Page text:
Hospice Use Following Implantable Cardioverter-Defibrillator Implantation in Older Patients: Results From the National Cardiovascular Data Registry
Reynolds, Matthew R.
Parzynski, Craig S.
Spertus, John A.
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CitationKramer, Daniel B., Matthew R. Reynolds, Sharon-Lise Normand, Craig S. Parzynski, John A. Spertus, Vincent Mor, and Susan L. Mitchell. 2016. “Hospice Use Following Implantable Cardioverter-Defibrillator Implantation in Older Patients: Results From the National Cardiovascular Data Registry.” Circulation 133 (21): 2030-2037. doi:10.1161/CIRCULATIONAHA.115.020677. http://dx.doi.org/10.1161/CIRCULATIONAHA.115.020677.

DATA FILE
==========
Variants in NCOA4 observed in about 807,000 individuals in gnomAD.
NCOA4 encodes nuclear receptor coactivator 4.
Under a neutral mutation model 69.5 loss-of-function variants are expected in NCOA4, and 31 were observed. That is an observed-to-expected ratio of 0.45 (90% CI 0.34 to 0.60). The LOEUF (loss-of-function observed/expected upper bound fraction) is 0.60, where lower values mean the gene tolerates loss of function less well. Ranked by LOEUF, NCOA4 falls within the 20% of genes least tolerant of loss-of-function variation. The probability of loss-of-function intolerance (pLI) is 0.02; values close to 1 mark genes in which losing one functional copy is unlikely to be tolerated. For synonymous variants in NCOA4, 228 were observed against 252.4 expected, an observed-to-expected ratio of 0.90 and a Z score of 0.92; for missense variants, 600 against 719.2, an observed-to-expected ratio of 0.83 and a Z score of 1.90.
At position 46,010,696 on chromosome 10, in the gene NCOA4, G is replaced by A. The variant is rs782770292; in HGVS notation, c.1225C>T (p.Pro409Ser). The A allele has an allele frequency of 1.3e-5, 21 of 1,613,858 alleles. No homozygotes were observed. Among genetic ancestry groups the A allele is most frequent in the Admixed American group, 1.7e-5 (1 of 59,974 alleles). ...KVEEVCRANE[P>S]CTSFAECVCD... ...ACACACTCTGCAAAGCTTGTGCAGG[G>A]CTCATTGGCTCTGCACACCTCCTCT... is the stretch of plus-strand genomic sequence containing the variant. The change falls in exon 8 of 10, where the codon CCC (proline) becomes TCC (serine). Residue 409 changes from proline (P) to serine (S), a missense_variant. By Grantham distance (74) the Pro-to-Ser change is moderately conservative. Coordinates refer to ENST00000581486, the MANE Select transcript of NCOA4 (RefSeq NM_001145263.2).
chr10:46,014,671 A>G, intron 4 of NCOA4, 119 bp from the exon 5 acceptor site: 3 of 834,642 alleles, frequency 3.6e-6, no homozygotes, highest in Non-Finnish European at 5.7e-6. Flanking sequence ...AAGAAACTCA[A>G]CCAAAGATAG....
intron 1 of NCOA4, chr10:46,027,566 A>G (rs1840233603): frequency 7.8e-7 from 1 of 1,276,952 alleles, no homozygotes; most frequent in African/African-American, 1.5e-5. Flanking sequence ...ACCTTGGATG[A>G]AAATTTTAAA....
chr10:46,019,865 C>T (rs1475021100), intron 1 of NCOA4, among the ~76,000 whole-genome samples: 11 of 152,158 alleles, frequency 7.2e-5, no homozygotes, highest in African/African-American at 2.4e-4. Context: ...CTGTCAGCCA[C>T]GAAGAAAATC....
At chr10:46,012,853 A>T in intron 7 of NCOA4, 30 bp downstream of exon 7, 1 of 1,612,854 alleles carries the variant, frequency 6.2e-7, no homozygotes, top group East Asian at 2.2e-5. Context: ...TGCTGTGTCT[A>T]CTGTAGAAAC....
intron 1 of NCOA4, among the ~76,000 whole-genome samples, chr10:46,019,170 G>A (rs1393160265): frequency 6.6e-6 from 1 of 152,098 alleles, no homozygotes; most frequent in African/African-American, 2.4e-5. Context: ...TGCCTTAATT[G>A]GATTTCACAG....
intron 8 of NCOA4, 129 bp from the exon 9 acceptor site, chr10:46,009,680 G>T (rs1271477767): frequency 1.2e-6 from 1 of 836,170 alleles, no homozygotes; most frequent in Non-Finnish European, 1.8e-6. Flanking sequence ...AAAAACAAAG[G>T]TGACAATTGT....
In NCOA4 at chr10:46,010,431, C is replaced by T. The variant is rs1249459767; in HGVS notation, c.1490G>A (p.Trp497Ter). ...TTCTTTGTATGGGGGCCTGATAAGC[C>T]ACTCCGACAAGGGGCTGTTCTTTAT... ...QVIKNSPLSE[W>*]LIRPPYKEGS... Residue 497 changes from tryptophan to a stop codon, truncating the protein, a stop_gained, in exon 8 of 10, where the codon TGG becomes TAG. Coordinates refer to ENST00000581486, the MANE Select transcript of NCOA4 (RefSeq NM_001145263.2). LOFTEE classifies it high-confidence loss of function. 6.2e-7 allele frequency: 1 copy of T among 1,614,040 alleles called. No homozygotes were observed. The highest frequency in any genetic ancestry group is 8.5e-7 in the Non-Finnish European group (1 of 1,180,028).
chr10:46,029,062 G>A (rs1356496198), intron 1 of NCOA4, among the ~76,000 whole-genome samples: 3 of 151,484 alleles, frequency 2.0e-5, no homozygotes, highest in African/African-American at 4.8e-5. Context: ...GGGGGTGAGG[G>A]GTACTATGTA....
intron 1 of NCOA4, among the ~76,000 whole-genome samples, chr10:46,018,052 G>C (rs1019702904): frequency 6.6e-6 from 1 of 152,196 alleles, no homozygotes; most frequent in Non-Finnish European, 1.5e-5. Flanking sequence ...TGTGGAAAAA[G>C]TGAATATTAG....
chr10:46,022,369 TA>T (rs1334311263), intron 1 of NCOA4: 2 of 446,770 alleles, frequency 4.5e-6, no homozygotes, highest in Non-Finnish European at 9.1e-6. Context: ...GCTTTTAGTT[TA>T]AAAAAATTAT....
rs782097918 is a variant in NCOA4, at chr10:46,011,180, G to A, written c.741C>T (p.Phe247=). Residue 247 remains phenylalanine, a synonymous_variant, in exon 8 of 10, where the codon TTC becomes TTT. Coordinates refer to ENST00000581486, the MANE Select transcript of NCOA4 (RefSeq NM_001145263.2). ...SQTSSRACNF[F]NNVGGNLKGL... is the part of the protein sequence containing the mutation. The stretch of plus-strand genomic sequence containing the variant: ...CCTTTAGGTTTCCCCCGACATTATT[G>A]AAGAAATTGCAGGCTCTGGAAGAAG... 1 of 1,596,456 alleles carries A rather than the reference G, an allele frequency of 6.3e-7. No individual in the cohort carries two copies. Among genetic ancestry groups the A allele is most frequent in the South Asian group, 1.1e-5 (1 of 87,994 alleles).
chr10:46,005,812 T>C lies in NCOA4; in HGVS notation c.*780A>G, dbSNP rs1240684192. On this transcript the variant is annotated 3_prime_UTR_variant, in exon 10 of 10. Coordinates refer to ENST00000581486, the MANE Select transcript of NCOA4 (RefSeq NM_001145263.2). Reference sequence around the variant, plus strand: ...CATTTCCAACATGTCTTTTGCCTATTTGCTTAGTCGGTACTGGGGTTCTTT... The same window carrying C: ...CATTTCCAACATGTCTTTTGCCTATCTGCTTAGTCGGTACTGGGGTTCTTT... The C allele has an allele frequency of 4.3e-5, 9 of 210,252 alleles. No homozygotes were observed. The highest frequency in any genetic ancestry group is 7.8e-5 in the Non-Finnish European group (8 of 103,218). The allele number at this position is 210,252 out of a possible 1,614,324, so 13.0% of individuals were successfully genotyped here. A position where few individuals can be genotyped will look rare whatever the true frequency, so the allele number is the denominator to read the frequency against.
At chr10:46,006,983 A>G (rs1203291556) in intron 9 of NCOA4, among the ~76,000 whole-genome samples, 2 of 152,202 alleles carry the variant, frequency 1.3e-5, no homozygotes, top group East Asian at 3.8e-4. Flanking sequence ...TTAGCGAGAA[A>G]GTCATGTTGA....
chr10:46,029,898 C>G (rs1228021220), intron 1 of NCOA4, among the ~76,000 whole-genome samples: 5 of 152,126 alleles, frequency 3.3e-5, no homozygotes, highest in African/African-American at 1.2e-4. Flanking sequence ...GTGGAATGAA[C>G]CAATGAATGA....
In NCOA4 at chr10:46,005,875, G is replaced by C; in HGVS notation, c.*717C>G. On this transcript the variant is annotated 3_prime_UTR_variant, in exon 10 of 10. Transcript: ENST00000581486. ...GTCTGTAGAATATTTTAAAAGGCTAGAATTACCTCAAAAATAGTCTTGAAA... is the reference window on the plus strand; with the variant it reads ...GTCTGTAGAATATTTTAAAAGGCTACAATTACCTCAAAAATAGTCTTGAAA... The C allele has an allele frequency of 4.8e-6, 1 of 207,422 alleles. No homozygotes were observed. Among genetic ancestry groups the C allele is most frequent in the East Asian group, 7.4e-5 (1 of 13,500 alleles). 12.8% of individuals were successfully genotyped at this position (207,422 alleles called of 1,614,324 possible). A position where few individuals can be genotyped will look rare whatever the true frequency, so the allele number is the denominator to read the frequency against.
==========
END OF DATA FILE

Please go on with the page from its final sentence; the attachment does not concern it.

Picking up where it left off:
AbstractBackground— Older recipients of implantable cardioverter-defibrillators (ICDs) are at increased risk for short-term mortality in comparison with younger patients. Although hospice use is common among decedents aged >65, its use among older ICD recipients is unknown. Methods and Results— Medicare patients aged >65 matched to data in the National Cardiovascular Data Registry – ICD Registry from January 1, 2006 to March 31, 2010 were eligible for analysis (N=194 969). The proportion of ICD recipients enrolled in hospice, cumulative incidence of hospice admission, and factors associated with time to hospice enrollment were evaluated. Five years after device implantation, 50.9% of patients were either deceased or in hospice. Among decedents, 36.8% received hospice services. The cumulative incidence of hospice enrollment, accounting for the competing risk of death, was 4.7% (95% confidence interval [CI], 4.6%–4.8%) within 1 year and 21.3% (95% CI, 20.7%–21.8%) at 5 years. Factors most strongly associated with shorter time to hospice enrollment were older age (adjusted hazard ratio, 1.77; 95% CI, 1.73–1.81), class IV heart failure (versus class I; adjusted hazard ratio, 1.79; 95% CI, 1.66–1.94); ejection fraction <20 (adjusted hazard ratio, 1.57; 95% CI, 1.48–1.67), and greater hospice use among decedents in the patients’ health referral region. Conclusions— More than one-third of older patients dying with ICDs receive hospice care. Five years after implantation, half of older ICD recipients are either dead or in hospice. Hospice providers should be prepared for ICD patients, whose clinical trajectories and broader palliative care needs require greater focus.
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